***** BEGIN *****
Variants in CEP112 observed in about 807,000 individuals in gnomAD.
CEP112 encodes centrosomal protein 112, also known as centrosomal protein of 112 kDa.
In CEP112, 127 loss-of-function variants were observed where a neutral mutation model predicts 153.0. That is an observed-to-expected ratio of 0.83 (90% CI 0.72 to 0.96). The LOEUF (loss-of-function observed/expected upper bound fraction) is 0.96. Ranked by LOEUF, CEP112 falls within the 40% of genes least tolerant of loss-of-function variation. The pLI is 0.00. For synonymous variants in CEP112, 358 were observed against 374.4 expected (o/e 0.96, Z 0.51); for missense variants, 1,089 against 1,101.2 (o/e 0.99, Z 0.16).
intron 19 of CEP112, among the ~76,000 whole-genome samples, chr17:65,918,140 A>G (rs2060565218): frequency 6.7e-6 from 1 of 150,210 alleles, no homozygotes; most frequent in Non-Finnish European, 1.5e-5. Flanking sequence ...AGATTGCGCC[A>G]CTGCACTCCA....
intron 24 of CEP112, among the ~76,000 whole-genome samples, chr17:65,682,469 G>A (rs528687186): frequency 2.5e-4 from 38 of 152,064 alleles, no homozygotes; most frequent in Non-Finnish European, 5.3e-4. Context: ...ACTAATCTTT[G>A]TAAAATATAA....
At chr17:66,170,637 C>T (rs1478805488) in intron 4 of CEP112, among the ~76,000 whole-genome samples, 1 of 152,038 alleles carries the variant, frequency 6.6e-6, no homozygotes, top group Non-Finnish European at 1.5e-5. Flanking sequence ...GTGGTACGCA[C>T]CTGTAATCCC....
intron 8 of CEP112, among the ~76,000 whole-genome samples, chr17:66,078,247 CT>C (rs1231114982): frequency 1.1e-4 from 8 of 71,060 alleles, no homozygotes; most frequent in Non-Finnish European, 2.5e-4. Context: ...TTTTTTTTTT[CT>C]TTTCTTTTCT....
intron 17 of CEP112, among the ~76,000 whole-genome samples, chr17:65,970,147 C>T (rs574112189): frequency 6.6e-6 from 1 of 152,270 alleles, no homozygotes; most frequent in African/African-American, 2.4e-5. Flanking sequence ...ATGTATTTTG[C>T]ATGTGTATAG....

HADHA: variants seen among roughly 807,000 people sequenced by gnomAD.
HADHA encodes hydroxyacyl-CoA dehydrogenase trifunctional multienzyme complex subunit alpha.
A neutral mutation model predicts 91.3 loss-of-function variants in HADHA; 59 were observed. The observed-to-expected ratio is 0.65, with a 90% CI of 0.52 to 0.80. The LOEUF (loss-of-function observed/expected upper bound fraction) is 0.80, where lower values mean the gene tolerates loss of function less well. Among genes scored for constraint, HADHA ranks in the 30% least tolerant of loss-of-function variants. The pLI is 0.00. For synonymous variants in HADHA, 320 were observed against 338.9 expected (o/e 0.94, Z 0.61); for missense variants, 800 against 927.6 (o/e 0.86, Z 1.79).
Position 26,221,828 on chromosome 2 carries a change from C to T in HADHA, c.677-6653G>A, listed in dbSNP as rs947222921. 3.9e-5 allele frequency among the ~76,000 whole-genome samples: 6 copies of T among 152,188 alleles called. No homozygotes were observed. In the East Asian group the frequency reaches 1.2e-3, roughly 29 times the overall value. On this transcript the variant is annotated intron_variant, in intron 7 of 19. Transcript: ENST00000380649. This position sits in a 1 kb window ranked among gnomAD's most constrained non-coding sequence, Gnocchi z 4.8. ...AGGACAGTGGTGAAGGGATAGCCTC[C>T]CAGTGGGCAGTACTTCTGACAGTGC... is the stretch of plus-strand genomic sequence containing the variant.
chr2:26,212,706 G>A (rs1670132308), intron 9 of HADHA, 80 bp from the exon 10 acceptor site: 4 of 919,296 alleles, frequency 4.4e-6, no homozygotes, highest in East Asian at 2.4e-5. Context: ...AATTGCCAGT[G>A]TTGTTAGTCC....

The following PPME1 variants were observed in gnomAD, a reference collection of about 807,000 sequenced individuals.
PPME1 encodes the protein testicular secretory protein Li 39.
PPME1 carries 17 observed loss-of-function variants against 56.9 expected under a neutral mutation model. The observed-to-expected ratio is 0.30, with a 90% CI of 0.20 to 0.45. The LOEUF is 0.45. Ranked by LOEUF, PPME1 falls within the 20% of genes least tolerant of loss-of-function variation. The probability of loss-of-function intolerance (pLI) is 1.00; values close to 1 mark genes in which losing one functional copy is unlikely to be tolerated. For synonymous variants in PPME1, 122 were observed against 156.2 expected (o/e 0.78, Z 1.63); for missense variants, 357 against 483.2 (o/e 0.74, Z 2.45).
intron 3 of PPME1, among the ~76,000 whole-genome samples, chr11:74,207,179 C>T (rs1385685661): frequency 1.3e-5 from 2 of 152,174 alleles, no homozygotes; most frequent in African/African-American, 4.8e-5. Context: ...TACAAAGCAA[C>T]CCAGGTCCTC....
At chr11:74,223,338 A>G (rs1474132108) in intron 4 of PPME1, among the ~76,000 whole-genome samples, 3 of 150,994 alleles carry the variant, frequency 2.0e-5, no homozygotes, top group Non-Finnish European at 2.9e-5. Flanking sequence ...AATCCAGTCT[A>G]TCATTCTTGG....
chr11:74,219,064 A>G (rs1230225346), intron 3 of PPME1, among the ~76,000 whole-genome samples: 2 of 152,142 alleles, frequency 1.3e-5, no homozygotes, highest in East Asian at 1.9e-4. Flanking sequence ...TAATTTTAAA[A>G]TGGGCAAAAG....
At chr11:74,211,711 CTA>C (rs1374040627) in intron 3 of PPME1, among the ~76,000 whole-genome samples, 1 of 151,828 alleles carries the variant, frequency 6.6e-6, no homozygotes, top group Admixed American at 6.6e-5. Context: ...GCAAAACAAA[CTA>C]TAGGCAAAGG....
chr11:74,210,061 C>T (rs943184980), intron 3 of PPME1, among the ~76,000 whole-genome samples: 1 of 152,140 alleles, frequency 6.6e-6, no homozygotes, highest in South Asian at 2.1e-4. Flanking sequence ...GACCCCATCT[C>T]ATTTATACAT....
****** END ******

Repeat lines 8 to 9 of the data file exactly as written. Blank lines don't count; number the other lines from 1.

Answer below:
intron 17 of CEP112, among the ~76,000 whole-genome samples, chr17:65,970,147 C>T (rs574112189): frequency 6.6e-6 from 1 of 152,270 alleles, no homozygotes; most frequent in African/African-American, 2.4e-5. Flanking sequence ...ATGTATTTTG[C>T]ATGTGTATAG....

HADHA: variants seen among roughly 807,000 people sequenced by gnomAD.